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Sunday, May 1, 2011

China army warns over Ai Weiwei image in Hong Kong

China's army has warned that an image of detained artist Ai Weiwei, briefly projected onto a Hong Kong barracks amid a campaign in the territory for his release, was illegal, a report said on Saturday.

New Yorkers Protest China's Imprisonment Of Artist Ai Weiwei
Apr 17, 2011 - Manhattan, New York, U.S. - Thousands of supporters of Chinese artist Al Weiwei gathered along Tasty Wooden Chairs-an installation which was comprised of 1001 late Ming and Qing Dynasty wooden chairs at Documenta 12 in 2007 in Kassel, Germany-in front of Chinese embassies and consulates around the world. Artist and activist Ai Weiwei is an internationally regarded figure who has fought for artistic freedom and for freedom of speech throughout his distinguished career, envisioning and shaping a more just and equitable society through his work. He has been missing since his arrest on April 3rd in Beijing.
An artist calling himself Cpak Ming displayed an image of the dissident's face with the words "Who's Afraid of Ai Weiwei?" on the barracks, police headquarters and other buildings this week, the South China Morning Post said.
A spokesman for the Hong Kong garrison of the People's Liberation Army told the newspaper: "No one can paint or project pictures and images onto the outer wall of the barracks without the garrison's permission.
"Such an offence is a breach of Hong Kong law. The PLA reserves its legal rights."
Residents of the semi-autonomous south China territory generally enjoy civil liberties not seen on the mainland, including freedom of speech, under the "one country, two systems" principle in place since Britain handed the city back to Beijing.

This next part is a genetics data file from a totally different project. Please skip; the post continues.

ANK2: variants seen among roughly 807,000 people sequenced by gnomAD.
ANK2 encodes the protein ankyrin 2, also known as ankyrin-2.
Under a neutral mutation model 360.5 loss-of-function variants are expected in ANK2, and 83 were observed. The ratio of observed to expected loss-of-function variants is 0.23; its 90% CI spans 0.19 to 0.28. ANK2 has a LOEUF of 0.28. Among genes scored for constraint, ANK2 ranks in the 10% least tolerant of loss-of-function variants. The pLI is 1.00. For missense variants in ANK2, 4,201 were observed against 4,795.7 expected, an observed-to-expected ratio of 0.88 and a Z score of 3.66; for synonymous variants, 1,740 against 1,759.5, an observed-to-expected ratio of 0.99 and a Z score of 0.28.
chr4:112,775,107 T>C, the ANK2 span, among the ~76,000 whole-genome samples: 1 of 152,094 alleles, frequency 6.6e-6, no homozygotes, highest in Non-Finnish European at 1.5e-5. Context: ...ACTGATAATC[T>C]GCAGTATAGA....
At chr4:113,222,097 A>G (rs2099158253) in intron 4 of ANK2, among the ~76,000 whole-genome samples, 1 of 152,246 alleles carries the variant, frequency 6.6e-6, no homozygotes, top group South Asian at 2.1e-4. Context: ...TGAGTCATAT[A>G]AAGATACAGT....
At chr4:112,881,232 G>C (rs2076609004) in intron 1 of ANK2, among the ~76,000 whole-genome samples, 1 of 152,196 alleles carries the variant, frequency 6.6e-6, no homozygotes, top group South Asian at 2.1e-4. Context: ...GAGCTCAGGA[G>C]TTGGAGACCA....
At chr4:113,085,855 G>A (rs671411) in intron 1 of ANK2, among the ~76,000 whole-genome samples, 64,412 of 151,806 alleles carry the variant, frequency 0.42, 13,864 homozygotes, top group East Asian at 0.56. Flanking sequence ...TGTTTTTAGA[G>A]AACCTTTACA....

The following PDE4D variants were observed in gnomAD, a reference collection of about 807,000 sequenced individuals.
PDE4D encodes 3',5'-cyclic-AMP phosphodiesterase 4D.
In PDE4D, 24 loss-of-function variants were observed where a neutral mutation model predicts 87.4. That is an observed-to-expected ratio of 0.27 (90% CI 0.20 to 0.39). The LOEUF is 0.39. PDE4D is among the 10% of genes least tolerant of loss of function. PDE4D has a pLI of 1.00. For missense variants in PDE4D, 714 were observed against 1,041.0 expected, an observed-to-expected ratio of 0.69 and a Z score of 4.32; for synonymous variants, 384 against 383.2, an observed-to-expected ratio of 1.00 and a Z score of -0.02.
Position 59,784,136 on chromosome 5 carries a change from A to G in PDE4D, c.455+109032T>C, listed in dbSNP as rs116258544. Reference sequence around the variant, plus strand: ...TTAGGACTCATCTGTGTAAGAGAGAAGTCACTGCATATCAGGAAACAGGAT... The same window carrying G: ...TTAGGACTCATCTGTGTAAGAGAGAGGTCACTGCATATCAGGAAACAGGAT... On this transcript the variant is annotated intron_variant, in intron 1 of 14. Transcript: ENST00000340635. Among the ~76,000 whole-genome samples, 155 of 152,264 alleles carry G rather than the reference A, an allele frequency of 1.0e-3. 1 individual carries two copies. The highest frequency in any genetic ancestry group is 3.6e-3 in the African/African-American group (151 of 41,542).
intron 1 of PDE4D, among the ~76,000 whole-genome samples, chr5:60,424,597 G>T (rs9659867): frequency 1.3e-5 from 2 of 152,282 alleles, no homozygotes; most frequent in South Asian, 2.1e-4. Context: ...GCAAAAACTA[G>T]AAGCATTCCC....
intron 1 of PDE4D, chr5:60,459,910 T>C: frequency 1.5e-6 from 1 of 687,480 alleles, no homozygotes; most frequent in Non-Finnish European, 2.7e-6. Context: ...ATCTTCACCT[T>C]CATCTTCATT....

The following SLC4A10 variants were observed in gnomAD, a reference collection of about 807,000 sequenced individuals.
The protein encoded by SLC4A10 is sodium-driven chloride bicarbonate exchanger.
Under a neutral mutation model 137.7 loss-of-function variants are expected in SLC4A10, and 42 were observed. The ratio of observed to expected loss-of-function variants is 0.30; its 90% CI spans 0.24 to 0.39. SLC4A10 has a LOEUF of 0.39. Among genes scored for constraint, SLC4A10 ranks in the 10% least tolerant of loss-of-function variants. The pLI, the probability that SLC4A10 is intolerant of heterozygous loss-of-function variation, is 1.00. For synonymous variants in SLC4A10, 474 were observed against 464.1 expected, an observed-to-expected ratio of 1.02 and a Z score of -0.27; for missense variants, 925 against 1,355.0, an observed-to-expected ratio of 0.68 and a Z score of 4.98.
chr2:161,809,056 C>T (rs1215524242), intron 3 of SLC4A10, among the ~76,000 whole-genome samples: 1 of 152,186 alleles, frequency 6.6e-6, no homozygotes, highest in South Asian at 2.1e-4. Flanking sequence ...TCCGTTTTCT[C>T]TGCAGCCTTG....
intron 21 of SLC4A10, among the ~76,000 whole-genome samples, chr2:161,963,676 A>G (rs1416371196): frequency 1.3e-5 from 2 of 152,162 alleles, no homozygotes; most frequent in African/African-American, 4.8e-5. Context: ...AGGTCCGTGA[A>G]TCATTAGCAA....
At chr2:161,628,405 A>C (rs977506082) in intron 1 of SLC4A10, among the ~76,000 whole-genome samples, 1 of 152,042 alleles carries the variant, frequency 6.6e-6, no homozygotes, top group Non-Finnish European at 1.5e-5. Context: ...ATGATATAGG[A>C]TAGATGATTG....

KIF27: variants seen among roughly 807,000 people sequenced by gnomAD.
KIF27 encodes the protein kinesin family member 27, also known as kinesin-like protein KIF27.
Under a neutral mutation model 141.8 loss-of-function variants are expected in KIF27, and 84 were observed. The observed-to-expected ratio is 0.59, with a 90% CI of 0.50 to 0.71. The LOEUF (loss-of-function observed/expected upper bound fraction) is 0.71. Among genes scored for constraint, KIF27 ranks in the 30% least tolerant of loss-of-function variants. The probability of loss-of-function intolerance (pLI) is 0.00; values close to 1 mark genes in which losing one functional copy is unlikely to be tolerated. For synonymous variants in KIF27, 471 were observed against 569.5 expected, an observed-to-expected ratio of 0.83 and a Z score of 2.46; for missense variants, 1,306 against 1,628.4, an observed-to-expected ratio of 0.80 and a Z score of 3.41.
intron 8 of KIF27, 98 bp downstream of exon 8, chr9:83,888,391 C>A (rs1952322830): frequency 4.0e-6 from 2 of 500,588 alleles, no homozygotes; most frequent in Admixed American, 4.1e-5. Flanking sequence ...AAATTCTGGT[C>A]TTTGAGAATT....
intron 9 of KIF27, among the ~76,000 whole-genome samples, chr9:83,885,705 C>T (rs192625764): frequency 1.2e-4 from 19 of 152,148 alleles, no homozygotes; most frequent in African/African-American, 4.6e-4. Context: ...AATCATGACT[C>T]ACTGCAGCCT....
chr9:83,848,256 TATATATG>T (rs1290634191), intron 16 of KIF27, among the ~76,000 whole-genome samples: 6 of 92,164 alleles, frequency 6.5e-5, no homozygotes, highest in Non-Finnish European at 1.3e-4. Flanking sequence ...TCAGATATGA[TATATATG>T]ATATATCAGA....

More than 1,000 people took part in a protest march a week ago demanding the release of Ai, who was detained in early April in Beijing for unspecified "economic crimes", sparking worldwide condemnation.
Supporters say the detention of the outspoken critic of China's Communist Party leaders is political and forms part of a crackdown on dissidents in recent weeks, under which scores of lawyers and campaigners have been held.
A rash of stencilled, painted graffiti in Ai's support has also appeared on the streets of the financial hub this month and is under investigation by police as a possible case of criminal damage, the Post reported.
The man responsible for the "flash graffiti" projections of Ai could not be contacted via his Facebook page, the newspaper said.
He has uploaded instructions to the social networking site so that Ai supporters could create their own displays.
Legislator Ronny Tong Kun-sun, a barrister, said he could not see that the projections broke the law.
"He is just expressing his opinion in a very short period of time and poses no permanent damage to the building," he told the paper.
The PLA -- the world's largest military force -- established bases in Hong Kong in 1997 when the territory ceased to be a British colony.

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